Canada | Industry mix drives provincial scarring in long pandemic
A sustained pandemic with scarring effects would reduce Canada’s economic growth by close to 0.3ppts per annum between 2021 and 2026. Less vaccinated, resource-dependent provinces such as Saskatchewan and Alberta would be hurt most, according to analysis using our new Canadian Provincial and Territorial model, while provinces with a more favourable industry mix, such as most Atlantic provinces and B.C., would fare better.
What you will learn:
- Provincial economies less subject to variable foreign demand or services would manage better in a lingering pandemic.
- Strong vaccination rates and less strict restrictions would help many of Canada’s Atlantic provinces deal with a longer pandemic.
- In this briefing, long Covid denotes variants that would slow the trajectory of potential GDP, with negative impacts on consumer spending, labour supply, business investment, and weaker global demand.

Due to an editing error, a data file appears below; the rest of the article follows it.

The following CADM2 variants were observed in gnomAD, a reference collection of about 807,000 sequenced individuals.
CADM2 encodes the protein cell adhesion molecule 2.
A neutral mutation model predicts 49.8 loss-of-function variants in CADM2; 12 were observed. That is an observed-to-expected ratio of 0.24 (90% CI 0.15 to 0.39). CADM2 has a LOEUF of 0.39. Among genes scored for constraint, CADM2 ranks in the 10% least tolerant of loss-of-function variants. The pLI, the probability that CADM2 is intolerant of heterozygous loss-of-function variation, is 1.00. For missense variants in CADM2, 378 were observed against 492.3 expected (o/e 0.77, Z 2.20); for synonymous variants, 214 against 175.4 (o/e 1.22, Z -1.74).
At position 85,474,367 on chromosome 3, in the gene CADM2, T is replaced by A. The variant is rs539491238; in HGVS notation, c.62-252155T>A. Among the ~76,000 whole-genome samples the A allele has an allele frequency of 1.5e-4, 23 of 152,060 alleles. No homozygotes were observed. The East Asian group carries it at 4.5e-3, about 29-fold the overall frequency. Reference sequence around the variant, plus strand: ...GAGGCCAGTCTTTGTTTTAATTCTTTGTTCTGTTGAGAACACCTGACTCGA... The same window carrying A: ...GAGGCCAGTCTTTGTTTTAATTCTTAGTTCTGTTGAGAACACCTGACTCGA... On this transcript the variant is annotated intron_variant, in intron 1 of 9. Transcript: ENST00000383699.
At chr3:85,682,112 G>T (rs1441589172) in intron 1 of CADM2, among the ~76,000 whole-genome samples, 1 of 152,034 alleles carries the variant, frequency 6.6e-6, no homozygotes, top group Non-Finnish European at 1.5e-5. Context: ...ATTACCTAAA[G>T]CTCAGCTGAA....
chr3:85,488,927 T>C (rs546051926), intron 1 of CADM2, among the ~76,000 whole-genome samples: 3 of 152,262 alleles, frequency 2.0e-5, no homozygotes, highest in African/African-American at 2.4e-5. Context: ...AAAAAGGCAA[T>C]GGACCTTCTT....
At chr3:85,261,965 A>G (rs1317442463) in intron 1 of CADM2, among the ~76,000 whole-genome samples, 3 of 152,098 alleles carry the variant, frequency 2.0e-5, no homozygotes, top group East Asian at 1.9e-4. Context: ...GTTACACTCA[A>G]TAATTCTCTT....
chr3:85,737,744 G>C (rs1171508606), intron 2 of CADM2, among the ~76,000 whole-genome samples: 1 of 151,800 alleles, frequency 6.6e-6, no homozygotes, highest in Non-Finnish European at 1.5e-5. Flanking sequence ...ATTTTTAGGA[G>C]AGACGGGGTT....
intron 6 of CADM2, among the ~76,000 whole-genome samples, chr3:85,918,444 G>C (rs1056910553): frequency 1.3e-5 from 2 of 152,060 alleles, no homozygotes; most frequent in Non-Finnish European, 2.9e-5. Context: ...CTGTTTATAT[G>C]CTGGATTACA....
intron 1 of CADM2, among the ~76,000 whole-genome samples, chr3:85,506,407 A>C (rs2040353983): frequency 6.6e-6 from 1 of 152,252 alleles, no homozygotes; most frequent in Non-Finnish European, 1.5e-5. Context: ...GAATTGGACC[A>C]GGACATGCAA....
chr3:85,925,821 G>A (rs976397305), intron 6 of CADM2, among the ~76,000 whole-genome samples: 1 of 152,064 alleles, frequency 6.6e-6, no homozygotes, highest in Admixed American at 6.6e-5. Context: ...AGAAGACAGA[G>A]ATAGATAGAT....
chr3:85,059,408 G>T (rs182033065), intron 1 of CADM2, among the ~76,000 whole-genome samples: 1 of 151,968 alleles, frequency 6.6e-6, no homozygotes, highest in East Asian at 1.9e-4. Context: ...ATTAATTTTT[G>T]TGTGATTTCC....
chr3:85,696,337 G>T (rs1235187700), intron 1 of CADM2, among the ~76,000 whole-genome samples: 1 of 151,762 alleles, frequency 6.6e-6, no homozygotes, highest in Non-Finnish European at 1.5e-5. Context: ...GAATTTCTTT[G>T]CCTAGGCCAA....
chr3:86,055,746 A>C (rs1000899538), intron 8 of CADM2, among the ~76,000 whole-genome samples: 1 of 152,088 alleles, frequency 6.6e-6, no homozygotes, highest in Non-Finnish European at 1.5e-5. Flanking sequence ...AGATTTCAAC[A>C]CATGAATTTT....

Firms must brace for higher ‘new normal’ construction material prices
New research by Oxford Economics suggests that construction materials prices have shifted permanently higher due to the shocks of the past couple of years. Project managers and investors should anticipate costs being at least 15-20% higher in 2024 and onwards than in 2021.Find Out More
New Activity Trackers suggest momentum is waning
After a choppy first quarter of GDP data, our novel Activity Trackers (which incorporate proprietary daily sentiment data from Penta) suggest that economic momentum in EM Asia is on a softer trend in Q2 (at least outside of China) supporting our view of easing underlying inflationary pressures and diminishing appetite for further rate hikes.Find Out More